Foot-and-Mouth Disease Threatens Farmers in Primorsky Krai: Governor

Industrial pig farming in Primorsky Krai in Russia’s Far East region is under the threat of being ruined by Foot-and-mouth (FMD), regional governor Oleg Kozhemyako has said, according to Global Meat News.

Speaking at a meeting with the regional parliament in late April, Kozhemyako revealed that around 100,000 head of pigs had been culled following several outbreaks of FMD over the past few months, resulting in a major fall in total meat production in the region.

“We saw a rapid fall in meat production from small and medium-sized pig farms,” said Kozhemyako. “FMD has been a major blow to the pig industry and large-scale production in our region is on the edge of extinction. We believe the main impact on the regional economy will be seen this year.”

FMD outbreaks have jeopardized the meat industry’s development plans in the Far East region, according to the governor. Russian President Vladimir Putin had challenged the regional government to boost meat production by at least 50% by 2025. In value terms, agricultural production in Primorsky Krai was due to reach 75 billion rubles ($1.2 billion) by that time, compared to 41 billion rubles ($660 million) in 2018.

Five FMD outbreaks have been registered in the Far East this year, including at pig farms belonging to major producers RusAgro and Merci Trade, and the disease has temporarily disrupted meat supply in the region, local officials said. The previous FMD epidemic in Primorsky Krai took place in 2014 when the region lost nearly 25% of all its pigs as a result.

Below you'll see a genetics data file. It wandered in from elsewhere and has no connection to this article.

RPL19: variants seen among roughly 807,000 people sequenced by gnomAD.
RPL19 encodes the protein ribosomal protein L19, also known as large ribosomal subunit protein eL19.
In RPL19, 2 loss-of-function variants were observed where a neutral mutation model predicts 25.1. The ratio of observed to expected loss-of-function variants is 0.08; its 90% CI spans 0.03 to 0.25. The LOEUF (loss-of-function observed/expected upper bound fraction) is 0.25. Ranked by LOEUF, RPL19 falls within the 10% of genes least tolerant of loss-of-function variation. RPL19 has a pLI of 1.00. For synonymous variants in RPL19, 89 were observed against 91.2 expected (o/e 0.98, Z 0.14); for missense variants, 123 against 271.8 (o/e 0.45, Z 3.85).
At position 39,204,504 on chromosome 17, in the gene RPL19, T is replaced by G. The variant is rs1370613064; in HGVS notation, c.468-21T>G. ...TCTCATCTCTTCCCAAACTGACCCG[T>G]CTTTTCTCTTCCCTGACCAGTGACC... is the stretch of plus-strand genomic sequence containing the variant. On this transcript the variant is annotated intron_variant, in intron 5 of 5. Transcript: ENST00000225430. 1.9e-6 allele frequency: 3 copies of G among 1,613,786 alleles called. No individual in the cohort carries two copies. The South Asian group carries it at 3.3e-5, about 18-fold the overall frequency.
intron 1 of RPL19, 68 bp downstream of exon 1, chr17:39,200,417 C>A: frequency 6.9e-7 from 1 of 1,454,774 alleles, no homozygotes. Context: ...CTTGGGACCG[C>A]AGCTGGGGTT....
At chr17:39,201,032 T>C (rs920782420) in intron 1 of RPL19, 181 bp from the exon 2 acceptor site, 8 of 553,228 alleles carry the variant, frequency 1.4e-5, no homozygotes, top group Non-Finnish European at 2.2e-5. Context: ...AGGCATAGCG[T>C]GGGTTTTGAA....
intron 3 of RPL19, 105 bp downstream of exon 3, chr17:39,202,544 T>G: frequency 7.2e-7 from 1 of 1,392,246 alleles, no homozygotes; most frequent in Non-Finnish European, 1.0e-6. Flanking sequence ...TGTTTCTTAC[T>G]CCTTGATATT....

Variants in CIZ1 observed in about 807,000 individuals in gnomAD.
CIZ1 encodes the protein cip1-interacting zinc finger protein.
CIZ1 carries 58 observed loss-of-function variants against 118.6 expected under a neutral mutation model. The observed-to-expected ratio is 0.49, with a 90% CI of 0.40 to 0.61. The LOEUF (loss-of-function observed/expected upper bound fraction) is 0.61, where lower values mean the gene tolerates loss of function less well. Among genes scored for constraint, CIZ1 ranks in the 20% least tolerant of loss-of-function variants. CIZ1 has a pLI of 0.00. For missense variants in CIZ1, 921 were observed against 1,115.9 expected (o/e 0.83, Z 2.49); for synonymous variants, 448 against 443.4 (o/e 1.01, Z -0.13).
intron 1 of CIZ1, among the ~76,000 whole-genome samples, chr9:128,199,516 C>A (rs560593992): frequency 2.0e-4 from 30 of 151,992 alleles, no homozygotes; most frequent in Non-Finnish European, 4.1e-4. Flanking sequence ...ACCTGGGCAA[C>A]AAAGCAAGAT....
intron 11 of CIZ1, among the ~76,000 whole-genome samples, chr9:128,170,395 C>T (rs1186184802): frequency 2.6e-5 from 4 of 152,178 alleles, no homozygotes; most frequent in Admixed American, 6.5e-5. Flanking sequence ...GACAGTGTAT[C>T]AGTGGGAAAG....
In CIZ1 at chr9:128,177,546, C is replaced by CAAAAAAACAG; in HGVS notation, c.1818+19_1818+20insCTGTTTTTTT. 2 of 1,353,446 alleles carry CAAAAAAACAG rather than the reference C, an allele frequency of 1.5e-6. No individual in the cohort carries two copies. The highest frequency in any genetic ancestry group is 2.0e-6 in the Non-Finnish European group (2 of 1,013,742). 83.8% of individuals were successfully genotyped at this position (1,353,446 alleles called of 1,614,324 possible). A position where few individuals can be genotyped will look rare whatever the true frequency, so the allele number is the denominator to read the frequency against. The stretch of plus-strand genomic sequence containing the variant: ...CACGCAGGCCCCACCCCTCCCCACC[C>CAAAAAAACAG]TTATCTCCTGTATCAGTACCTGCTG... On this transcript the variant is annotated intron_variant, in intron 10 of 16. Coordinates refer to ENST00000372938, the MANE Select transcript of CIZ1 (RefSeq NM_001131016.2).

The situation is tough, not only in the pig industry but also for the region’s poultry industry, the governor said. There were several avian influenza outbreaks in 2018 and some smaller farms ceased operating, resulting in the region losing capacity equating to 30,000 tonnes of poultry meat per year, said Kozhemyako.

As a result, almost all the poultry meat in our market [region] is imported, the governor said, adding that the authorities needed to do everything possible to change the situation.

In 2019, the regional government expected to allocate 3.3 billion rubles ($60 million) to local meat producers under various support programs.